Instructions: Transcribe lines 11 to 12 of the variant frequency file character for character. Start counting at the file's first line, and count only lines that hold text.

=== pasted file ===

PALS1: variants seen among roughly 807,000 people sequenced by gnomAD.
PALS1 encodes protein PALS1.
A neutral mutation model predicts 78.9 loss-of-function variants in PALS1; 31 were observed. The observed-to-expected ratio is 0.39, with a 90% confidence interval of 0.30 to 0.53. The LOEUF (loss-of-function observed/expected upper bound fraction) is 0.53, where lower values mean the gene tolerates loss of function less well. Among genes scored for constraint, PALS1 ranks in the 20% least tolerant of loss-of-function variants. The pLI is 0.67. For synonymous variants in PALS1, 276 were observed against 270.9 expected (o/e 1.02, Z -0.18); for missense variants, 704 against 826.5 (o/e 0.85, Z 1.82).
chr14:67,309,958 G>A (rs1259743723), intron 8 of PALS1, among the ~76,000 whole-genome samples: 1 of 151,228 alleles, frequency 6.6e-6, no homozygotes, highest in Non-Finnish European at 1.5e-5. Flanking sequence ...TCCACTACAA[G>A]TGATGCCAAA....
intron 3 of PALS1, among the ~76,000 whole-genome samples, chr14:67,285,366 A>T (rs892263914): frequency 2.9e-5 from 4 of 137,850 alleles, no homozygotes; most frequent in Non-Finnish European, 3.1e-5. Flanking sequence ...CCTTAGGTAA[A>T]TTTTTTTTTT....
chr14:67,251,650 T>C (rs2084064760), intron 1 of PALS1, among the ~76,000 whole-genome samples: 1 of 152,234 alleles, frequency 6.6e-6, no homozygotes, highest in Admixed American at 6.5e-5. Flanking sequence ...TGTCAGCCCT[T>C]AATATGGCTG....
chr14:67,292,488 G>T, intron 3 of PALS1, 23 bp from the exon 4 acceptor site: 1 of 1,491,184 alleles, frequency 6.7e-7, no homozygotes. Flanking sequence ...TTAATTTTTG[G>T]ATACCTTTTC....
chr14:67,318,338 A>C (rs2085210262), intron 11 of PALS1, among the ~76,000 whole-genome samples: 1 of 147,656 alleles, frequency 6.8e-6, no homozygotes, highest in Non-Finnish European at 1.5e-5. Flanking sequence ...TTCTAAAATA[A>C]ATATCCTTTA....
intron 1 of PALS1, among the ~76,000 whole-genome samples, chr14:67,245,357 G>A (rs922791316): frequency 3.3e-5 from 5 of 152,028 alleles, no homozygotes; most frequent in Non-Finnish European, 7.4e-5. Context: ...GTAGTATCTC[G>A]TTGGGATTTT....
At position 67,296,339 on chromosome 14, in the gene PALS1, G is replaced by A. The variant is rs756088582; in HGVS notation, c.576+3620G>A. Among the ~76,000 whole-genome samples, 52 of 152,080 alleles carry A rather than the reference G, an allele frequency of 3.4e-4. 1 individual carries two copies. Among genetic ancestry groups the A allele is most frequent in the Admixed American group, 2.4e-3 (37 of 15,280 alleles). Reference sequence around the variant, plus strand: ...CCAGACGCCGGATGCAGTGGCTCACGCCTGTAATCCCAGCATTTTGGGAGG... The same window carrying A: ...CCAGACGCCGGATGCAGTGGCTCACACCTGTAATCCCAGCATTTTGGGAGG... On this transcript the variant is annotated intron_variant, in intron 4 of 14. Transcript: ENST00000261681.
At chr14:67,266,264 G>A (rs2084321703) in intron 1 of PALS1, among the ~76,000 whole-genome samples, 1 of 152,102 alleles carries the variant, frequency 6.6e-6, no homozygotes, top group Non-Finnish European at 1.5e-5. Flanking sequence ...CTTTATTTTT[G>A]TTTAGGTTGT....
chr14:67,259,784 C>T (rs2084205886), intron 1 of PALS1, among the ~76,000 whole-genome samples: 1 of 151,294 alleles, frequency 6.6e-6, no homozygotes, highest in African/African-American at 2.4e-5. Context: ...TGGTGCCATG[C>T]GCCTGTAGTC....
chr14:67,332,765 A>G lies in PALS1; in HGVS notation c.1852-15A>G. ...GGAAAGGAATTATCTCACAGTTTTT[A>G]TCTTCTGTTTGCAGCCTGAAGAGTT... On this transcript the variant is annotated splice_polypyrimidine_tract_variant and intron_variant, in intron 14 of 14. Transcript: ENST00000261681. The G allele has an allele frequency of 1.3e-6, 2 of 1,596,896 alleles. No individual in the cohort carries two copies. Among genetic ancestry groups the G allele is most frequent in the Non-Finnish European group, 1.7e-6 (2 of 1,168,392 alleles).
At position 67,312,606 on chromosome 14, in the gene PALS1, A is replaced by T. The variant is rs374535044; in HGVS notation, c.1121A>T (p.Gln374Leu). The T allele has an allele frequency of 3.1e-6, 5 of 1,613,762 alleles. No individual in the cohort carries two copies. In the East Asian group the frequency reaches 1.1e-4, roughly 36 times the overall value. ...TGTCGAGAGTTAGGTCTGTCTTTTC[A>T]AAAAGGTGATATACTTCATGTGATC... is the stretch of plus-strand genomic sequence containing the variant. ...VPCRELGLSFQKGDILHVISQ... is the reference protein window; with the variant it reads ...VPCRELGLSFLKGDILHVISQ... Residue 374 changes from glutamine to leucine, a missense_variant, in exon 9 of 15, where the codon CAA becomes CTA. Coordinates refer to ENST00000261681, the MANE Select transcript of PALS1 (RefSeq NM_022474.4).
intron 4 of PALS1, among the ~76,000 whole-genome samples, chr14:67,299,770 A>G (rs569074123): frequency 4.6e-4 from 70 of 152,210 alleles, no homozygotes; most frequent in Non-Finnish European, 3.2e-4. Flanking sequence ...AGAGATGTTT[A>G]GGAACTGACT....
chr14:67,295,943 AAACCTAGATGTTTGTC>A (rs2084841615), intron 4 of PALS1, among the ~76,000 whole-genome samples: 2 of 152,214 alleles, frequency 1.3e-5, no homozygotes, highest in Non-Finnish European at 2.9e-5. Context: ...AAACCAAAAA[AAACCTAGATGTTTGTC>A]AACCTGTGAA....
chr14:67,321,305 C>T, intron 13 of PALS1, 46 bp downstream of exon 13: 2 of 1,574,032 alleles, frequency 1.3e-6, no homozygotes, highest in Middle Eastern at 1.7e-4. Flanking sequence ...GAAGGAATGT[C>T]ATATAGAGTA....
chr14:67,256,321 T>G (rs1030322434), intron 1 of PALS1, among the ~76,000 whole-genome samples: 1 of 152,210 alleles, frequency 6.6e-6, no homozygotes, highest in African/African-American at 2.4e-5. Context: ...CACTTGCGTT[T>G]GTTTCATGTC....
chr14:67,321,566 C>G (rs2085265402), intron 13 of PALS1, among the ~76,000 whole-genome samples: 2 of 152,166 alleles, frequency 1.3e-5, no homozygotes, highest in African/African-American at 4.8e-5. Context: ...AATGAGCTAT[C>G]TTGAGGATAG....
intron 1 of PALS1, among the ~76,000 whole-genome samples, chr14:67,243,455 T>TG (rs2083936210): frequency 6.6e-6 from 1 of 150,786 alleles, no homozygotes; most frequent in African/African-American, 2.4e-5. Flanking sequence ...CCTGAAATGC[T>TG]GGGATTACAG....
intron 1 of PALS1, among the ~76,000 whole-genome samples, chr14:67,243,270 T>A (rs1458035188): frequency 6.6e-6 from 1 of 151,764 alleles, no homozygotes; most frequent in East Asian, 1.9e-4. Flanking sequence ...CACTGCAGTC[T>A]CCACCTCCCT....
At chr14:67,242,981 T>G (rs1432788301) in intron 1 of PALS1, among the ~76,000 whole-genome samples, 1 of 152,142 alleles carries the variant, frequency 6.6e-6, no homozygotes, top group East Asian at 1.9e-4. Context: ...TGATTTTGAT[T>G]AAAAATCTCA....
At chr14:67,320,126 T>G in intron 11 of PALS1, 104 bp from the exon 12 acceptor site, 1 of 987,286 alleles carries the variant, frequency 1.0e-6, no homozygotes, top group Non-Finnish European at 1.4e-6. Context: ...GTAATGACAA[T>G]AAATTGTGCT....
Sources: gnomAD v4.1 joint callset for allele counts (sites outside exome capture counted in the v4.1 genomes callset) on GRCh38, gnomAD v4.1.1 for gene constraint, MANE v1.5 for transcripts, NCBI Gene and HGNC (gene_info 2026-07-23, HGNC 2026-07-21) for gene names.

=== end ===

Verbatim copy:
At chr14:67,266,264 G>A (rs2084321703) in intron 1 of PALS1, among the ~76,000 whole-genome samples, 1 of 152,102 alleles carries the variant, frequency 6.6e-6, no homozygotes, top group Non-Finnish European at 1.5e-5. Flanking sequence ...CTTTATTTTT[G>A]TTTAGGTTGT....
chr14:67,259,784 C>T (rs2084205886), intron 1 of PALS1, among the ~76,000 whole-genome samples: 1 of 151,294 alleles, frequency 6.6e-6, no homozygotes, highest in African/African-American at 2.4e-5. Context: ...TGGTGCCATG[C>T]GCCTGTAGTC....